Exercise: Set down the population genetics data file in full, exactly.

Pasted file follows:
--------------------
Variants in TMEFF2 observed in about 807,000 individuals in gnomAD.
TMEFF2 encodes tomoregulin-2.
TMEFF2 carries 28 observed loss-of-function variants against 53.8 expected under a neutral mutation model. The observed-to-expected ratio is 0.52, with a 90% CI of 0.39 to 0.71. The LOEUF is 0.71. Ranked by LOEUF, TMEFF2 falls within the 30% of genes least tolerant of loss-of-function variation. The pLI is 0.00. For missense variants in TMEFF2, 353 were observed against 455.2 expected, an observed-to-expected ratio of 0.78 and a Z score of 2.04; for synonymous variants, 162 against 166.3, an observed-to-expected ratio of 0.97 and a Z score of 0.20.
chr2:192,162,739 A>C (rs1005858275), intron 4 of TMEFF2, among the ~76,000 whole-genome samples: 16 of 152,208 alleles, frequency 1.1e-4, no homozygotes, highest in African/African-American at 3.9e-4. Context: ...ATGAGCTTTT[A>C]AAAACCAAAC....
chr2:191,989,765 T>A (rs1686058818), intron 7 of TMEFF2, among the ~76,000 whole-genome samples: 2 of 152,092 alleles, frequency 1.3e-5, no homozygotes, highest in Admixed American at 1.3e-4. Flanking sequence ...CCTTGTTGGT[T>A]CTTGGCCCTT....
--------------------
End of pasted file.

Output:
Variants in TMEFF2 observed in about 807,000 individuals in gnomAD.
TMEFF2 encodes tomoregulin-2.
TMEFF2 carries 28 observed loss-of-function variants against 53.8 expected under a neutral mutation model. The observed-to-expected ratio is 0.52, with a 90% CI of 0.39 to 0.71. The LOEUF is 0.71. Ranked by LOEUF, TMEFF2 falls within the 30% of genes least tolerant of loss-of-function variation. The pLI is 0.00. For missense variants in TMEFF2, 353 were observed against 455.2 expected, an observed-to-expected ratio of 0.78 and a Z score of 2.04; for synonymous variants, 162 against 166.3, an observed-to-expected ratio of 0.97 and a Z score of 0.20.
chr2:192,162,739 A>C (rs1005858275), intron 4 of TMEFF2, among the ~76,000 whole-genome samples: 16 of 152,208 alleles, frequency 1.1e-4, no homozygotes, highest in African/African-American at 3.9e-4. Context: ...ATGAGCTTTT[A>C]AAAACCAAAC....
chr2:191,989,765 T>A (rs1686058818), intron 7 of TMEFF2, among the ~76,000 whole-genome samples: 2 of 152,092 alleles, frequency 1.3e-5, no homozygotes, highest in Admixed American at 1.3e-4. Flanking sequence ...CCTTGTTGGT[T>A]CTTGGCCCTT....